In addition to Daum, Jaclard, Kliman, and Wolff, speakers included Roslyn Wallach Bologh, Brendan Cooney, Barry Finger, Mac Intosh, Paul Mattick, and Fred Moseley. Pace University’s Center for Community Action & Research, the Department of Economics, History, and Political Science of Pace’s Pleasantville campus, the Committee for a Conference on the Economic Crisis, the League for the Revolutionary Party, Internationalist Perspective, and The New SPACE joined MHI as sponsors of the conference.

Communications announcing the conference explained the motivation behind it as follows:

“The future is especially uncertain, and ‘the new normal’ may prove to be very difficult, economically and politically.

“For the Left to be prepared for what may happen and prepared to respond effectively, activity and organization will not be enough. We also need the organization of thought–and that is why we have convened this conference. In order to work out a viable response, one that doesn’t merely react to and support the least-bad proposals offered by policymakers and mainstream thinkers, we need a clear and deep understanding of what has gone wrong with capitalism, and of the limits and pitfalls of proposed reforms. And we cannot take for granted that more progressive policies would in fact bring capitalism out of the crisis and restore jobs, economic growth, and stability. Wide-ranging dialogue on these topics is needed, not only so that all views can be heard but, above all, so that we can test different ideas in debate and work out answers to the questions we face.”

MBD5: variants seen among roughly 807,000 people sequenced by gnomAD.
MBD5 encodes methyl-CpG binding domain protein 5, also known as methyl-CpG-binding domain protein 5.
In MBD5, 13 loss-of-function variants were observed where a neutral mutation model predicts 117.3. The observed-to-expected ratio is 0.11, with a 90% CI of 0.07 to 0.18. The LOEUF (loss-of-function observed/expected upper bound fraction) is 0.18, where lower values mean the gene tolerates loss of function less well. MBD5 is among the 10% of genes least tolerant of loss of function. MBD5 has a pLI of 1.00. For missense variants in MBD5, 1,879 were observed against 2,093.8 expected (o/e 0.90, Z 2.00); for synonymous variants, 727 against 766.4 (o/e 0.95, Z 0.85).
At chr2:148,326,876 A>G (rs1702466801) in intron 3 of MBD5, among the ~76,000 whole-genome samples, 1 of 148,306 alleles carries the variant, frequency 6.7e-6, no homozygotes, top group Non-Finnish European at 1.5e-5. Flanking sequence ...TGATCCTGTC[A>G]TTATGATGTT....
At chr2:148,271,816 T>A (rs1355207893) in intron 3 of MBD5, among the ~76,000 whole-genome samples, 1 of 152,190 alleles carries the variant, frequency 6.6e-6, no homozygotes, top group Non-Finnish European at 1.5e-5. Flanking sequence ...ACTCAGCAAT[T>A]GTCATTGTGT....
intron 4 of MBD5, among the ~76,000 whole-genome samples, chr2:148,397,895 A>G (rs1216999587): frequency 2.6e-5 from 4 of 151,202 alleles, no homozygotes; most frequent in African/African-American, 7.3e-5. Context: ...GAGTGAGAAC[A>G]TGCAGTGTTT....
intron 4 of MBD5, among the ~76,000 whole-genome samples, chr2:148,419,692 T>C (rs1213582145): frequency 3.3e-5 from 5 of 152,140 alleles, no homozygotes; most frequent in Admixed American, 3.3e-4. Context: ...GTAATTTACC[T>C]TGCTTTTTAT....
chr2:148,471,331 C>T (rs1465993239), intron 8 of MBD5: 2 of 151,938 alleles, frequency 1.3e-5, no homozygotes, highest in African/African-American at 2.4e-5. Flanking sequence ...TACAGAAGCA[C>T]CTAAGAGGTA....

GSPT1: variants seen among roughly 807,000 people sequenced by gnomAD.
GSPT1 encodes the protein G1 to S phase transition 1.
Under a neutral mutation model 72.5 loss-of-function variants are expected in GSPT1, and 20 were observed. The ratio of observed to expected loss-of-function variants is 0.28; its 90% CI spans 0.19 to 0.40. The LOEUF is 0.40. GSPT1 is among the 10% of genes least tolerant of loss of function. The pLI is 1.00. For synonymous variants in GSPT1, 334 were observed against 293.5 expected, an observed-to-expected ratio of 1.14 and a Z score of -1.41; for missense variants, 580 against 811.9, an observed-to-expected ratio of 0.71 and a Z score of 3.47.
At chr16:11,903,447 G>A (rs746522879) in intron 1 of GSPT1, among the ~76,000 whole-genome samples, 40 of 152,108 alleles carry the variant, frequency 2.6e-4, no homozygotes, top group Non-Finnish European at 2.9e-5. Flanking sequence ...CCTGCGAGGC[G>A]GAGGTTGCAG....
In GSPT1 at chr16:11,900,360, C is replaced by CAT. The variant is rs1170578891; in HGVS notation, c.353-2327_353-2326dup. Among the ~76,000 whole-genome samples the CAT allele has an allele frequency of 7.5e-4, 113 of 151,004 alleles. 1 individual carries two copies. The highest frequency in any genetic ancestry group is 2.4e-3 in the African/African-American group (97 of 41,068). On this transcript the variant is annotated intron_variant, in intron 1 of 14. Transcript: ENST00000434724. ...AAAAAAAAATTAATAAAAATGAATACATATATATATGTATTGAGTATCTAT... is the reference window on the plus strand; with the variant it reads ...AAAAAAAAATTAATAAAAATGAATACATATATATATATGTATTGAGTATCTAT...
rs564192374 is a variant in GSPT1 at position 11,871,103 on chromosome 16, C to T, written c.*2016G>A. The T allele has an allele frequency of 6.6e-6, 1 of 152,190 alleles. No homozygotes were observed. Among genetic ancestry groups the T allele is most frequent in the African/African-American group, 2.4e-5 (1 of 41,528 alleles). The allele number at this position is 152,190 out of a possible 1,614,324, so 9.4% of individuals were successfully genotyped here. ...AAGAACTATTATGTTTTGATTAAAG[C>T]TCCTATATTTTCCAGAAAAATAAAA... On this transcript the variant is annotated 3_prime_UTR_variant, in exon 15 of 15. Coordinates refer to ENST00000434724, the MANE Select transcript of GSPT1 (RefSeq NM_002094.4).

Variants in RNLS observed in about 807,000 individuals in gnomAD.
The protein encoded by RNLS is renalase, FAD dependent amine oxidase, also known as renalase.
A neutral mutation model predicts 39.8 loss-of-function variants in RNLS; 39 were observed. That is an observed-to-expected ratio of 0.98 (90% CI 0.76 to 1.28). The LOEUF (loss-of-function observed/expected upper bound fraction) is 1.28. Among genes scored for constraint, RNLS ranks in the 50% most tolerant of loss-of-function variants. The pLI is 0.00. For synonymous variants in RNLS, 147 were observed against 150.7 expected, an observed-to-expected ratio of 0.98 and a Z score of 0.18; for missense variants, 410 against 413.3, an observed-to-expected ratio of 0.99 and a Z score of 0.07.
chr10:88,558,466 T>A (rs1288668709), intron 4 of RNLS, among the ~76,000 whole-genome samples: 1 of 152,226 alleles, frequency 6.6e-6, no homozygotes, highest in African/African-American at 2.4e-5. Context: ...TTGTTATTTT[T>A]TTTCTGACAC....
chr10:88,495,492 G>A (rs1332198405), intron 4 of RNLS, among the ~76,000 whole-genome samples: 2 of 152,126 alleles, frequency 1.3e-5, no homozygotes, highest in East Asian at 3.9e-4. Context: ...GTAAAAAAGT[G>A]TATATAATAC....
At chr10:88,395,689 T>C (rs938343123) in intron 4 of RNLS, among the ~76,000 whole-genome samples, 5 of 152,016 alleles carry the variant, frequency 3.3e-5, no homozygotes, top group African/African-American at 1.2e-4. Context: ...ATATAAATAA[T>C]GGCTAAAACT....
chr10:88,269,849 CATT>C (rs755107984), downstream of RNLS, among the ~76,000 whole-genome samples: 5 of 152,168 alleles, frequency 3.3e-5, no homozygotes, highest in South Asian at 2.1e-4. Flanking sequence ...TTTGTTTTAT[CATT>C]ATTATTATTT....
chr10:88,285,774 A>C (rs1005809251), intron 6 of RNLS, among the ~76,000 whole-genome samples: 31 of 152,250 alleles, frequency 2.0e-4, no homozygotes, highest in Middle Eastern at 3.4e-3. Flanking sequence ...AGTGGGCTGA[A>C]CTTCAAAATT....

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For videos of the conference panels, conference papers, the proposal for the formation of a Network for the Circulation of Theoretical Struggles, and more, click here. We hope you’ll then sign-up to be contacted about the Network.

Comments

2 Comments on "Economic Crisis Conference Featured Wide Participation and Debate"

  1. Dave Wetzel on Thu, 25th Nov 2010 5:56 am 

    I live in London UK and wish I could have attended this conference.
    I would like to draw attention to the message in The Communist Manifesto in which Marx and Engels stated:

    “We have seen above, that the first step in the revolution by the working class is to raise the proletariat to the position of ruling class to win the battle of democracy……………”

    and then gives a list of ten policies, including income tax, inheritance tax, free education, State control of credit, cultivation of wastelands, etc. but the first item in the list reads:

    “1. Abolition of property in land and application of all rents of land to public purposes.”

    Marx and Engels develop their theory of the differential rent and absolute rent of land in Part 6 of Das Kapital Volume 3 published after Marx’s death in 1893 (and not translated into English until 1909 so mostly ignored by many english-speaking Marxists).

    I suggest it is about time we addressed the land question and more importantly advocate the collection of land rent from landowners who claim to own what nature provides for free.

  2. Jim Young on Thu, 25th Nov 2010 9:07 am 

    I’m encouraged by the summary of the conference provided online on November 22. As people “face with sober senses their real conditions of life,” they will need — as Anne Jaclard notes — to see ahead the real possibility of another, non-capitalist, world. Without this, all the consciousness imaginable will not move us forward but will lead simply to cynicism, despair, or feckless thrashing about. Great beginning.